Paramore’s latest album, After Laughter, was released this spring. I avoided listening to it for weeks, despite my friends’ recommendations to check it out and the funky gif-sets of their video for “Hard Times” that I saw online. Finally, while stuck on a six-hour plane ride, I gave in and decided to give it a go. Why the hesitation? Because delving into new Paramore music meant reminiscing about their older material, and ultimately confronting some older versions of myself.
At twelve years old, I watched Paramore’s video for “Misery Business” being aired on MTV. I sat, glued to the television as I took in what was surely the greatest song and video I’d ever seen. The video is bright and flashy, with an iconic scene of a gum-popping brunette – apparently the kind of girl who listens to Paramore – cutting off another girl’s shining, platinum-blonde braid. I became a fan right away.
At fourteen years old, I begged my mom to buy me tickets to see them when they toured through our dinky Midwestern town of Rockford, Illinois. They played at the same arena where, on Friday nights, Rockford’s hockey team, the Rockford Ice Hogs, skated and fought to the crowd’s drunken renditions of “We Will Rock You” and “Welcome to the Jungle.” Paramore’s music epitomized the classic pop-punk trope of wanting to “get out of this town,” and I bought it hook, line and sinker.
My friend Katie came over before the show. We preened and posed in front of the mirror and swapped tight fitting Paramore shirts we’d bought from Cherryvale Mall’s Hot Topic. We felt cool and edgy, brushing up against the alternate versions of ourselves as girls who didn’t give a shit, girls who were glamorously misunderstood.
The show was awesome. It was the loudest I’d ever heard music played and Katie and I took turns hoisting each other up on our shoulders to get at better eye-level with Hayley Williams. In the weeks before, I had memorized all the word’s to the group’s latest album, Brand New Eyes, and of course knew Riot! by heart. After the show, my throat ached from screaming the lyrics.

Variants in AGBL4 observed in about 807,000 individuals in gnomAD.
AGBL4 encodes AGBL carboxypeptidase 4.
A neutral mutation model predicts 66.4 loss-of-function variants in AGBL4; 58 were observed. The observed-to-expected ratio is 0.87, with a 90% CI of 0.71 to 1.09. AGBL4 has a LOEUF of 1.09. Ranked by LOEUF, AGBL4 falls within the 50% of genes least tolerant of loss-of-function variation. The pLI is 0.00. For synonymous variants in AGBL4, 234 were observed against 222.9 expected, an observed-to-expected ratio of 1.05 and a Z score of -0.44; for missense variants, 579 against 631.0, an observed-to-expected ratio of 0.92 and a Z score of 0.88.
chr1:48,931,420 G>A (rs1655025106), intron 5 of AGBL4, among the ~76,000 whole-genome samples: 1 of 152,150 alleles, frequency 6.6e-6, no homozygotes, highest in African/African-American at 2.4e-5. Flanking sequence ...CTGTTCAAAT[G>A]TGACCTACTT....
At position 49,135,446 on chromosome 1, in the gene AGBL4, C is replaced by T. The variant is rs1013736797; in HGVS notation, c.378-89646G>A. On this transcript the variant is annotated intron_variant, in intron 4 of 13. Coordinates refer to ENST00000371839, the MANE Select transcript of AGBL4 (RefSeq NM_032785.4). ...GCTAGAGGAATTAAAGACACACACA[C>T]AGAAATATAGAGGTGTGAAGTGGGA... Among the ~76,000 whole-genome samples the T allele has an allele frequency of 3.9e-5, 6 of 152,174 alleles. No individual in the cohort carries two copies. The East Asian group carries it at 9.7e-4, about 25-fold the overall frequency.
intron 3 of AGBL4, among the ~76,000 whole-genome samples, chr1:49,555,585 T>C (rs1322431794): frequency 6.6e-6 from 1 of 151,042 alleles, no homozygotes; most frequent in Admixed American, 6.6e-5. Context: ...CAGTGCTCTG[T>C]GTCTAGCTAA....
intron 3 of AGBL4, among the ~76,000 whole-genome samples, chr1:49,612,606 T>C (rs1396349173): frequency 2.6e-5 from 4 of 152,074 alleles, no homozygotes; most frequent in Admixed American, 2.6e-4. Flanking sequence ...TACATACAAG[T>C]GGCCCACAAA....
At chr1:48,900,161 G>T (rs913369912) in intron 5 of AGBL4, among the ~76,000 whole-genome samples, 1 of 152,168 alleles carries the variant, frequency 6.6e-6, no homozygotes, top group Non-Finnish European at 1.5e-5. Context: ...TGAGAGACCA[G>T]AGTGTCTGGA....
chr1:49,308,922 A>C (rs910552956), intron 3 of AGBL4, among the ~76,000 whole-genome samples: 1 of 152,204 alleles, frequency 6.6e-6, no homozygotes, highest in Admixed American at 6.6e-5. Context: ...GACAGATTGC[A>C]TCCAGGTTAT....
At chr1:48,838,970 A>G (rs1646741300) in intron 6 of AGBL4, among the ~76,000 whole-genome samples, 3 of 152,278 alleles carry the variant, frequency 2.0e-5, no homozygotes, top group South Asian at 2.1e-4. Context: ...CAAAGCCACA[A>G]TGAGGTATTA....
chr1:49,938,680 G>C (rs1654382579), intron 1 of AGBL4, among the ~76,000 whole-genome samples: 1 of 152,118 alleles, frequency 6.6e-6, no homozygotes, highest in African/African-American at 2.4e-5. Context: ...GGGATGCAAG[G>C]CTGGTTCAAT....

At sixteen years old, my teen angst had formed into a solid shape, something hard and sharp that sat in my chest all the time. I breathed in Paramore like oxygen, and other bands too: Brand New, My Chemical Romance, some old Modest Mouse that was before my time, and a bit of punk music pumped out by the few scruffy, unwashed Rockford bands. When people asked me about my favourite music, I answered, without a trace of irony, “Sad music. Like Paramore, Brand New…”
At eighteen years old, I saw the band again, this time at a theatre in downtown Chicago. My friends and I held hands and danced around, but I wasn’t able to release myself to the music like I had before. The music wasn’t loud enough and I could hear my own voice, off-key and all wrong, singing along. The songs they played from their latest self-titled album were less punky than their previous work, but still meaningful to me. “I’m Not Angry Anymore,” where Hayley Williams sings plainly over a soft ukulele, became a quiet, secretive ballad for me when I still felt the spike of pain that came with hating high school, hating my parents, hating myself, and all the rest.
It’s tough for me to talk about my relationship with music; partly because I cringe at my past melodrama, but also because within music is my relationship with myself. When I listened to Paramore and other bands, I imagined unending scenes of boys fawning over me, my mother admitting she was wrong, and near-future me living in a glimmering world that revolved solely around me. These sorts of fantasies, facilitated by Haley Williams’ spunk, allowed me to, at least in an imagined way, live away from unpleasant realities or to overcome my insecurities.
This process is a rite of passage for nearly everyone as they transition (sometimes painfully) through adolescence, and Paramore’s music, I know, was a salve for many.
Breaking away from my teen angst sometimes, crazily enough, meant changing the music in my ears. When asked the question of my favourite music, my answer began to change to “Happy music. You know, like pop!”
After Laughter certainly counts as pop. It brings to mind Carly Rae Jepsen and the 80s synth-heavy pop music that everyone can sing along with. I’m happy to be able to bring Paramore back into my musical rotation, listening to their new music alongside guilty-pleasure odes to my teen angst like “Misery Business.” Some of the poppier tracks that I love from After Laughter are “Rose Colored Boy” and “Idle Worship,” each showcasing a kind of “let me be sad and moody in peace” message sung in cheery vocals against a synth and upbeat drums. By contrast, the album’s penultimate track, “No Friend,” feels like the closest remnant of the band’s overwrought and angsty past, which I’ll always love.
The message of the new album seems to be that the band refuses to fake happiness as they mature, (they even have a song titled “Fake Happy” which deplores the “insincere” people around them) even if they’ve decided to change their tone a bit. Where previous albums dissected angst, anger, and lost love, After Laughter delves into the issues of what to with yourself when you’ve left those supposedly teenage emotions behind. The answer, for them, is to dive into the nuance, but with a cheerily poppy twist. Some people call the switch to pop music that many punk bands eventually make “selling out,” but in this case, Paramore is simply growing up.